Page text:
How malignant lymph nodes can be diagnosed with ultrasound
Medical ultrasound is a crucially important imaging procedure, even in diagnosing cancer. Researchers from the Fraunhofer Institute for Computer Graphics Research IGD are developing a digital platform for detecting malignant lymph nodes in the head and neck area from ultrasound images, making biopsies redundant in the process. For the Echomics software, developers are currently examining the informative value of numerous image markers and biomarkers. The software is slated for release in mid-2021.
(Darmstadt) The medicine of the future is on the hunt for technology that makes fast, safe diagnostics possible without delays. Soon, doctors will be able to use ultrasound to detect malignant lymph nodes that spread throughout the head and neck in squamous cell carcinoma. This would make a biopsy superfluous. “The informative value of our application will be so good that the right treatment can be determined immediately, without additional examinations,” said Matthias Noll, deputy head of the Visual Healthcare Technologies Competence Center at Fraunhofer IGD. Ideally, the software would use the data to suggest the best treatment that would make sense for this particular patient.
Automated imaging data analysis
Ultrasound is already routinely used in the diagnosis of these tumors, however, the imaging itself is insufficient for a fully confirmed diagnosis. The Echomics software by Fraunhofer IGD looks to be the first to change that. It uses biomarkers or image markers established in the automated analysis of tumors in radiological imaging data, called radiomics. Additional ultrasound-specific markers help improve detection, making possible an objective analysis of the imaging data. In its current phase of development, up to 4,000 different markers are being tested. Aside from appearance and size, the software looks at other aspects, such as the firmness of the lymph node, its contour quality, or the structure of the tissue. “We’re currently verifying the informative value of each individual marker and finding the best ones,” explained Noll.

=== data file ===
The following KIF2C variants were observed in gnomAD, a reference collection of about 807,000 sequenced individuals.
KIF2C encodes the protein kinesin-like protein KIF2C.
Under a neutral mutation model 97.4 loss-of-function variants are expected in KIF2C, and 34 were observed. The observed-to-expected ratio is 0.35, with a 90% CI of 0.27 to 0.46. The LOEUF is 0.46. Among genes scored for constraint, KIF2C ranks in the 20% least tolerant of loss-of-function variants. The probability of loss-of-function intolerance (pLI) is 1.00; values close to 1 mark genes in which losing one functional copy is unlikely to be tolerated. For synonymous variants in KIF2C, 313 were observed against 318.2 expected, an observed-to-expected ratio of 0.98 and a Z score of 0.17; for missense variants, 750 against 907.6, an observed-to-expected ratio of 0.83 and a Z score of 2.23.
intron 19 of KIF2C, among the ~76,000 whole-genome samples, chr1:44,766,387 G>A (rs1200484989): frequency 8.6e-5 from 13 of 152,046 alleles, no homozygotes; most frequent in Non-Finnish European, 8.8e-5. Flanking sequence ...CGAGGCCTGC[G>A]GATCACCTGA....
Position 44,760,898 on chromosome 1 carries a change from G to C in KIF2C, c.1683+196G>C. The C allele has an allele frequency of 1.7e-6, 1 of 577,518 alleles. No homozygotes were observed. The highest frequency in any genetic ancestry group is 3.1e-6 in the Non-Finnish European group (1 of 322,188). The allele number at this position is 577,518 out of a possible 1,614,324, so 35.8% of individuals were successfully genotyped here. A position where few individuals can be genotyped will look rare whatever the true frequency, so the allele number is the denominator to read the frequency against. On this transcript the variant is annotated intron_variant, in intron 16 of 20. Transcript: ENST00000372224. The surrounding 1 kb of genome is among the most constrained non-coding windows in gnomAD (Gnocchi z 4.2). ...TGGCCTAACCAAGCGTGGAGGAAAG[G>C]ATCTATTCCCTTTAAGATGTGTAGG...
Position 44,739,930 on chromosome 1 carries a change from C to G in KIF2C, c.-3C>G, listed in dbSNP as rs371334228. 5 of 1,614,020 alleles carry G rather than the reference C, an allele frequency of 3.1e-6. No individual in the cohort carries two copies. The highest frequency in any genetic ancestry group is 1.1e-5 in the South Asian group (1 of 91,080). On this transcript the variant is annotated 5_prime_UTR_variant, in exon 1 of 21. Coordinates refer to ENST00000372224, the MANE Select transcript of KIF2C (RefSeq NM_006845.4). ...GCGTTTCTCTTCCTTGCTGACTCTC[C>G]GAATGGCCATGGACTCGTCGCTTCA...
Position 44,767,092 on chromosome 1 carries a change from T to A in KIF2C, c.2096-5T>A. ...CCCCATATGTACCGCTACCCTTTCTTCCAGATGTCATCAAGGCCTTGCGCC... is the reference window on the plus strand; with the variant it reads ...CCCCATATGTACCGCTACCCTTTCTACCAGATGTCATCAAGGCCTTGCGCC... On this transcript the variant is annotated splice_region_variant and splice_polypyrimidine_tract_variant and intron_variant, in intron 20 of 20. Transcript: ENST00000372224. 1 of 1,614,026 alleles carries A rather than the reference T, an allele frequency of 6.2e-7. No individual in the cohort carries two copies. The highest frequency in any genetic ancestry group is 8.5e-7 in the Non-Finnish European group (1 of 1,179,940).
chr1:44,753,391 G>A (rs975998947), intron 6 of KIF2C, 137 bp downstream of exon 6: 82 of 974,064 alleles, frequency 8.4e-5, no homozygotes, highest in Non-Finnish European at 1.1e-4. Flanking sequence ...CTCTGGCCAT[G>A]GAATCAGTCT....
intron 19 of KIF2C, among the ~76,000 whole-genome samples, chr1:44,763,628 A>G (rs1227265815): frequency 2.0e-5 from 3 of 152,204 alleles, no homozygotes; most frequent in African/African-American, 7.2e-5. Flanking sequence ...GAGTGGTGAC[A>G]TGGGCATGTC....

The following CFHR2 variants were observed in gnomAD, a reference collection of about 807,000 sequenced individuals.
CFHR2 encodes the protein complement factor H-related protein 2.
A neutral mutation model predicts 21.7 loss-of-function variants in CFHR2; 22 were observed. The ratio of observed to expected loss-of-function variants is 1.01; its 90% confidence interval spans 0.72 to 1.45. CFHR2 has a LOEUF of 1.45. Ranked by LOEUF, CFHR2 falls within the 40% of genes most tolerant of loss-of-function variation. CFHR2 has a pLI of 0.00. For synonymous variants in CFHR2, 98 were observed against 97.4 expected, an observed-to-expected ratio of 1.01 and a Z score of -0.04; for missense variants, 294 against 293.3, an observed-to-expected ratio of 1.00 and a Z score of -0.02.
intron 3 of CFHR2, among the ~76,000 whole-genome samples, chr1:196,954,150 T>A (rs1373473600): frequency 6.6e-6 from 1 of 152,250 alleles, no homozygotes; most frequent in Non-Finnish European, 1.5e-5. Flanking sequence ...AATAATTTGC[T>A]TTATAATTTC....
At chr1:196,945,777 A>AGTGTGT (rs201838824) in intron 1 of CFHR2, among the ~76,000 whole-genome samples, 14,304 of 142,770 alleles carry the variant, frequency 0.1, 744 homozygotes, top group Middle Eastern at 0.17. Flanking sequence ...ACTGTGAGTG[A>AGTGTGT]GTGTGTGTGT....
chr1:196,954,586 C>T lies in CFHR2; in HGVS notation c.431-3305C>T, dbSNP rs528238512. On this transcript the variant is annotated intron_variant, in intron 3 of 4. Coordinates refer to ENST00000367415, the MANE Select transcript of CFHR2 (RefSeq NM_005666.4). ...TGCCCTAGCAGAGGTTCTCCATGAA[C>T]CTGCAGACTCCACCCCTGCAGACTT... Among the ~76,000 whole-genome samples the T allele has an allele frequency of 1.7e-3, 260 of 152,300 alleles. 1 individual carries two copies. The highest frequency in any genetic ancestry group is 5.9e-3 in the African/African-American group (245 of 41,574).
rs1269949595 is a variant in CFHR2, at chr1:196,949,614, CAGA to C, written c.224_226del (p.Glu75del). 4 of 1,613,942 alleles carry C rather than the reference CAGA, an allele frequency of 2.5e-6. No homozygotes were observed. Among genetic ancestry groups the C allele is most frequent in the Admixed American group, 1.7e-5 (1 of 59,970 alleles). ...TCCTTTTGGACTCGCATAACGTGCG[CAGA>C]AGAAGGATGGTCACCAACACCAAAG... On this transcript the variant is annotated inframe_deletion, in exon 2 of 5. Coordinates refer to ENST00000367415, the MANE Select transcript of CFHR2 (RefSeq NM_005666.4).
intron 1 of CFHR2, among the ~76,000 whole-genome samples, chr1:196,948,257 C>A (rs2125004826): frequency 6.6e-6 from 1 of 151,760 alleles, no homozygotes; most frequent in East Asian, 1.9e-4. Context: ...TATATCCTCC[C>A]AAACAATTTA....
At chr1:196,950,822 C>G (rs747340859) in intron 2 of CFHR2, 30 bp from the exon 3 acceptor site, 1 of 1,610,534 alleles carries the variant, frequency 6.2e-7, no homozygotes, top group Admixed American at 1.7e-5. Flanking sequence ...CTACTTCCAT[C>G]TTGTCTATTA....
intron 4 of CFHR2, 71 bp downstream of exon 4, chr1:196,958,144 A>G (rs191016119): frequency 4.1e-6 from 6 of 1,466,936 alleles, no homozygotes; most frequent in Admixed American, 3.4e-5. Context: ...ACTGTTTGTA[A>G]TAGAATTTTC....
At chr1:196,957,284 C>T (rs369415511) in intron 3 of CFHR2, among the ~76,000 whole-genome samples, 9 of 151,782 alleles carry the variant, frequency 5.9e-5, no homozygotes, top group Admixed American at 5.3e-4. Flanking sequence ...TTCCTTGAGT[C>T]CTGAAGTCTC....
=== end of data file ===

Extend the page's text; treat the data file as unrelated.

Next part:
Squamous cell carcinoma’s signature makes diagnosis possible
In addition to the 3D imaging data itself, the application also factors in the patient’s clinical information, such as gender, age, and lifestyle, allowing individual risks to be included in the diagnosis. The end result is a kind of signature for the squamous cell carcinoma metastasized in the lymph nodes that allows for an exact diagnosis and flows into the selection of a personalized, ideal treatment. With each additional patient anonymized and added to the database, the results become more accurate. The software can be used just as good for an initial diagnosis as for a follow-up.
Analytical environment for clinical research
To better comprehend the generated patient data, it is rendered explorable with the help of visual analytics methods. To achieve this, the researchers at Fraunhofer IGD are developing a dashboard -- a user interface for displaying the data. “With this analytical environment for clinical researchers, various scientific issues can be studied,” said Jörn Kohlhammer, head of the Information Visualization and Visual Analytics Competence Center. The huge amount of data can be used to derive hypotheses while also validating them. Healthcare professionals can look for similar patients and use patient cohorts to test their suppositions. This will result in new knowledge about diagnostics and treatment.
Swift progression demands swift diagnosis
Every year, around 17,000 people get tumors in the head and neck area, such the tongue, base of the mouth and larynx. Three quarters of them are men. Nine out of ten tumors are classified as squamous cell carcinoma, i.e., they emanate from the mucous membrane. The lymph nodes in the neck are a part of the diagnostics and follow-up care for these kinds of tumors. One important examination tool is ultrasound. It is inexpensive, does not generate any X-ray radiation, and is available everywhere. However, the results depend on the examiner and the device. In uncertain cases, abnormal lymph nodes need to be biopsied, however, with squamous cell carcinoma in particular, time is of the essence. For patients, biopsies mean a potentially superfluous surgical procedure rife with uncertainty and anxiety.
From the visual computing experts
ECHOMICS, the detection of malignant lymph nodes in the head and neck area using echographic biomarkers, is an innovation by Fraunhofer IGD. Since the start of the 2000s, the institute has been developing new ultrasound applications. Visual analytics and information visualization -- the optimal visualization of data and information -- are other Fraunhofer IGD competences in the medical field. ECHOMICS is a project funded by German’s Federal Ministry for Education and Research as part of the SME medical technology innovation project “KMU-innovativ: Medizintechnik”.